I don't want to be cynical, but the thought does arise that a legal system which is happy to arrest, prosecute and sentence a dumb animal for a "crime", and a legal system which is keen to act as the advocate of a dumb animal whose welfare needs some protection have one thing in common: they were, or will be, paid for it. Just a thought.

Lessons in life from Jade's startling will

Jade Goody, the late star of reality television, left some £3m after a short, tumultuous career turning almost nothing into national recognition. The details of her will are startling in the degree to which she seems to have considered where, and in whom, the money would be best invested.

Her mother, who rode on her coat-tails, attaining a degree of fame herself, is left a mere £10,000. Her husband at the time of her death, who is currently awaiting trial on a charge of rape, is left nothing, but was given Miss Goody's last car at the discretion of the executors. The bulk of the fortune goes in trust to her two young sons, and paying for their education outside the state system was evidently at the front of Miss Goody's mind.

Michael Gove, writing in this week's Spectator, comments on Miss Goody's evident native tidiness of mind and intelligence, and remarks that the state-education system let someone of her ingenuity and ambition down badly – no one doubts either her intelligence, or her almost incredible ignorance.

I wonder, though. What would have happened to her, had she gone to a well-run school, and come out with the GCSEs and A-levels she was undoubtedly capable of? She would probably have become a barrister, and died while she had just achieved a tenancy, unheard of and mourned by her family alone. Michael Gove has a good general point about a lost generation; Jade Goody's case was probably a unique one, however.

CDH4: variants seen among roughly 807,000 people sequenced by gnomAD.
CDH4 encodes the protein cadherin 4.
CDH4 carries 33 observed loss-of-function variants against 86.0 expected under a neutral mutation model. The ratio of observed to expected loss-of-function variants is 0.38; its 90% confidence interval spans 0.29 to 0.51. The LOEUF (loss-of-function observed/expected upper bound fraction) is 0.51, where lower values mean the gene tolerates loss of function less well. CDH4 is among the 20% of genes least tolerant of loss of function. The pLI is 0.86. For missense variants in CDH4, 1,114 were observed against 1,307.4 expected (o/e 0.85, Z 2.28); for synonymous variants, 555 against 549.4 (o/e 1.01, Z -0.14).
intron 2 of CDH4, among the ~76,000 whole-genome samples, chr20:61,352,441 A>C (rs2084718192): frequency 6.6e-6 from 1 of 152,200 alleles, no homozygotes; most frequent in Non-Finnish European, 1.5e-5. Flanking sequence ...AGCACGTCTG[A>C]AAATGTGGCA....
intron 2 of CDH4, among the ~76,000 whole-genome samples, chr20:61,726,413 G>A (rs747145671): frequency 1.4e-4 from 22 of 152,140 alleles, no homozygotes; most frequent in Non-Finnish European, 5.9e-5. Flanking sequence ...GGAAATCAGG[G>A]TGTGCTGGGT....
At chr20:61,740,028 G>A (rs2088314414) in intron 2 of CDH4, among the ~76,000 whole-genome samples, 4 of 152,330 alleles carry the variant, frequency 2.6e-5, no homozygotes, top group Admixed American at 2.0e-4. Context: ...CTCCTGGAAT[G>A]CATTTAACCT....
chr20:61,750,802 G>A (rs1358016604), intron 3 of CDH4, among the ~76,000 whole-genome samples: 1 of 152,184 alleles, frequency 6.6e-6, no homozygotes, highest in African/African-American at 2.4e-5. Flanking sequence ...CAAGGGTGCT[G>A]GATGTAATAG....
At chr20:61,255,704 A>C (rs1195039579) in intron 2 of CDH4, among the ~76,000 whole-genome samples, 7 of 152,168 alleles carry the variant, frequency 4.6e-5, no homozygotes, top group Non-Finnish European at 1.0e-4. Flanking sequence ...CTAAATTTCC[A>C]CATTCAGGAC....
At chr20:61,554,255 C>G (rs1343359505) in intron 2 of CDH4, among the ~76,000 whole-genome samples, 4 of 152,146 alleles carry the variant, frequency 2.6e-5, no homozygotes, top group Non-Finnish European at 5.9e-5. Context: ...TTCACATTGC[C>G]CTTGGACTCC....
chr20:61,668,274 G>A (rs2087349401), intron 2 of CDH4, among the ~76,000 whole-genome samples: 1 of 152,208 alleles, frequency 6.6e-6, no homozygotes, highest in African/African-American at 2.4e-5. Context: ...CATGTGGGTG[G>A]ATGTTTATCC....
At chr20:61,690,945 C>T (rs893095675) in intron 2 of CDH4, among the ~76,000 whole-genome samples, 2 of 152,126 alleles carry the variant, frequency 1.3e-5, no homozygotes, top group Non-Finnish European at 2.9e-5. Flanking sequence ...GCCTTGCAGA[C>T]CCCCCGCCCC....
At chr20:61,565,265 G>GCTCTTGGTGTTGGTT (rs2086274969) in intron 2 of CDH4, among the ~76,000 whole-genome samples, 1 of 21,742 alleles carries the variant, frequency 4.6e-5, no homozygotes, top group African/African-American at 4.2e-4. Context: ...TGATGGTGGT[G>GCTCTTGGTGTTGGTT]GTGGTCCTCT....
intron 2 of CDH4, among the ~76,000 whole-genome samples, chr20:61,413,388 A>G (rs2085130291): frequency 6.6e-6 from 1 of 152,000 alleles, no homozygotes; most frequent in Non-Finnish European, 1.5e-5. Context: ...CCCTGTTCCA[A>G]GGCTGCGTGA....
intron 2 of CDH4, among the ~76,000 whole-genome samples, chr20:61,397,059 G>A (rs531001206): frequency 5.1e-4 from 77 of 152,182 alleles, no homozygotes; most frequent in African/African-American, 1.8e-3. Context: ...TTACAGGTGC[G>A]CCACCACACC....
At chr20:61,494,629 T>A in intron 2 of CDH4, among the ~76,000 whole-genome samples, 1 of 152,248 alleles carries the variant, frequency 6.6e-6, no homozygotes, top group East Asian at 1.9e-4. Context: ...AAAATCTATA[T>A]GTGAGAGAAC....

Sex, ties and police tape in rural England

The people of Lee Mill, Devon, sound perfectly appalling to me. They overheard "strange noises" coming from the house of one of their neighbours. Instead of turning up the sound on Deal Or No Deal, as normal people would, they telephoned the police, who turned up.

The police were mistakenly invited in by the tenants, and soon discovered that the new inhabitants had installed what they termed a "sex dungeon" in their spare bedroom. Detective Sergeant Stuart Gilroy said, before displaying his finds, that "we were not expecting to find a masochistic dungeon in sleepy Lee Mill". Most shocking of all, this suburban Sadeian boudoir was, we are told, "near a Tesco supermarket".

The technical crime is conspiracy to run a brothel. But I've read this from top to bottom, and for the life of me I can't see what business it is of the Devon Constabulary, or of the repulsive curtain-twitchers of Lee Mill, whether their neighbours have a sex dungeon, a model railway layout or a collection of interbellum piano accordions stashed in their spare rooms.

I suppose if the tenants had continued their error, and insisted on whipping DS Gilroy, they would be regarded as having committed an assault by mistake. Otherwise, it all seems jolly harmless to me. The ghastly DS Gilroy said: "We are glad to have disturbed this activity and restored normality to the neighbourhood." Is he sure about that? Is he proposing to issue certificates of "normality", as judged by the junior officers of the Devon Constabulary?